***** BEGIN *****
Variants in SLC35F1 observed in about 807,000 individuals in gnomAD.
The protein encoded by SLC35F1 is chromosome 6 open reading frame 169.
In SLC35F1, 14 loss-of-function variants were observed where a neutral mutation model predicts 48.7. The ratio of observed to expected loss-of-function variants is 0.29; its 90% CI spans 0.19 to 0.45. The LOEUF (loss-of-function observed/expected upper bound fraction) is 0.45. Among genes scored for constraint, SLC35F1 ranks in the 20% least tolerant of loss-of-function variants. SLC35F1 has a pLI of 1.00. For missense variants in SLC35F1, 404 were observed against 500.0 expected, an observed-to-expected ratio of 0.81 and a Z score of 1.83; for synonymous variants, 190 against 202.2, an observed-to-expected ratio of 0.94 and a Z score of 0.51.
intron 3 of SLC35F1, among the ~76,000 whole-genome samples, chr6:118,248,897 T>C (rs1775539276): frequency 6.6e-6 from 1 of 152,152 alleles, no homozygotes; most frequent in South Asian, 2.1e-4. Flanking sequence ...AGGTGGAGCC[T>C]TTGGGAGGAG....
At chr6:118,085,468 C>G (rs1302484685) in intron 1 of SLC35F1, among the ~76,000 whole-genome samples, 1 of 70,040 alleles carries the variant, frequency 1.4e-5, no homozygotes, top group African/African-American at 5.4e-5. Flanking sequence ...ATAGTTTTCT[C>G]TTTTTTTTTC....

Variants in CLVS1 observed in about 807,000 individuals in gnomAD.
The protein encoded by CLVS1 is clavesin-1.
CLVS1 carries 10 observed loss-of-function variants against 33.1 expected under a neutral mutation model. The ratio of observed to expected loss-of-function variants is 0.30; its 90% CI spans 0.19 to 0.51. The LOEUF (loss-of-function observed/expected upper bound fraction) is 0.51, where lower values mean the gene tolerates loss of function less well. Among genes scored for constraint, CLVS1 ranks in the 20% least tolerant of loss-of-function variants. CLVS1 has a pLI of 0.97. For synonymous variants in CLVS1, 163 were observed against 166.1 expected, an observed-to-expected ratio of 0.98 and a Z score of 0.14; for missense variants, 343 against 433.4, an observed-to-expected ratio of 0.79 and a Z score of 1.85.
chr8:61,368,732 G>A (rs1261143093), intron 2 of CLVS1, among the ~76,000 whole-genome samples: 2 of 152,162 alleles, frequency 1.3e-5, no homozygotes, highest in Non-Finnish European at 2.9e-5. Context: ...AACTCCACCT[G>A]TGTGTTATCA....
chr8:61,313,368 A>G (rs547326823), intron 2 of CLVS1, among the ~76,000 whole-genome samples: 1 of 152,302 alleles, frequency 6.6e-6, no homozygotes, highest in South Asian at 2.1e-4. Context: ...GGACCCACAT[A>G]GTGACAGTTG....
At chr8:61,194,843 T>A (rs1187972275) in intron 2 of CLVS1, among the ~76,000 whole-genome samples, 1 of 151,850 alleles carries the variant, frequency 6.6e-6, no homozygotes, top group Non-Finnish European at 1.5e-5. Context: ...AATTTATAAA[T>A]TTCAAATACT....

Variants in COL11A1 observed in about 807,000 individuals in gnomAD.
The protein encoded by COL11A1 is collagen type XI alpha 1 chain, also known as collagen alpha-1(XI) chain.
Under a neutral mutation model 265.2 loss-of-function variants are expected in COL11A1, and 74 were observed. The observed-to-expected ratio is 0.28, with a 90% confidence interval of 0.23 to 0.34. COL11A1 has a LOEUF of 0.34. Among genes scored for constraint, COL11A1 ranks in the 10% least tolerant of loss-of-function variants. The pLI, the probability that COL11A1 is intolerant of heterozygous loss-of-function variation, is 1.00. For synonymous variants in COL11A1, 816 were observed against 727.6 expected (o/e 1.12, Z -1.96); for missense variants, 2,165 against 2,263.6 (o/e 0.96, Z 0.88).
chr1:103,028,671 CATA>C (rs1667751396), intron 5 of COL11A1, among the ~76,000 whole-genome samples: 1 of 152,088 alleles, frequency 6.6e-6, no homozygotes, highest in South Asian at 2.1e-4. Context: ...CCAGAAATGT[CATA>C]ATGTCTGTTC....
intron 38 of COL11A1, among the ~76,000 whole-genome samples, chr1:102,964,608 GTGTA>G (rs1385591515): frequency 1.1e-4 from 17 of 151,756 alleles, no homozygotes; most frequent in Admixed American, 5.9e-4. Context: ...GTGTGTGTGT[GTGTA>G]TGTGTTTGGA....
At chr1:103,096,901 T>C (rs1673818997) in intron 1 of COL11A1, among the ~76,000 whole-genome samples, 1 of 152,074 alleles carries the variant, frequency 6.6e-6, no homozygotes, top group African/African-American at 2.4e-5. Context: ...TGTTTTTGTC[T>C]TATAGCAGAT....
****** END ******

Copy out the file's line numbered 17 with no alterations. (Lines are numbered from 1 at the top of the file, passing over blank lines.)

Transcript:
At chr1:103,096,901 T>C (rs1673818997) in intron 1 of COL11A1, among the ~76,000 whole-genome samples, 1 of 152,074 alleles carries the variant, frequency 6.6e-6, no homozygotes, top group African/African-American at 2.4e-5. Context: ...TGTTTTTGTC[T>C]TATAGCAGAT....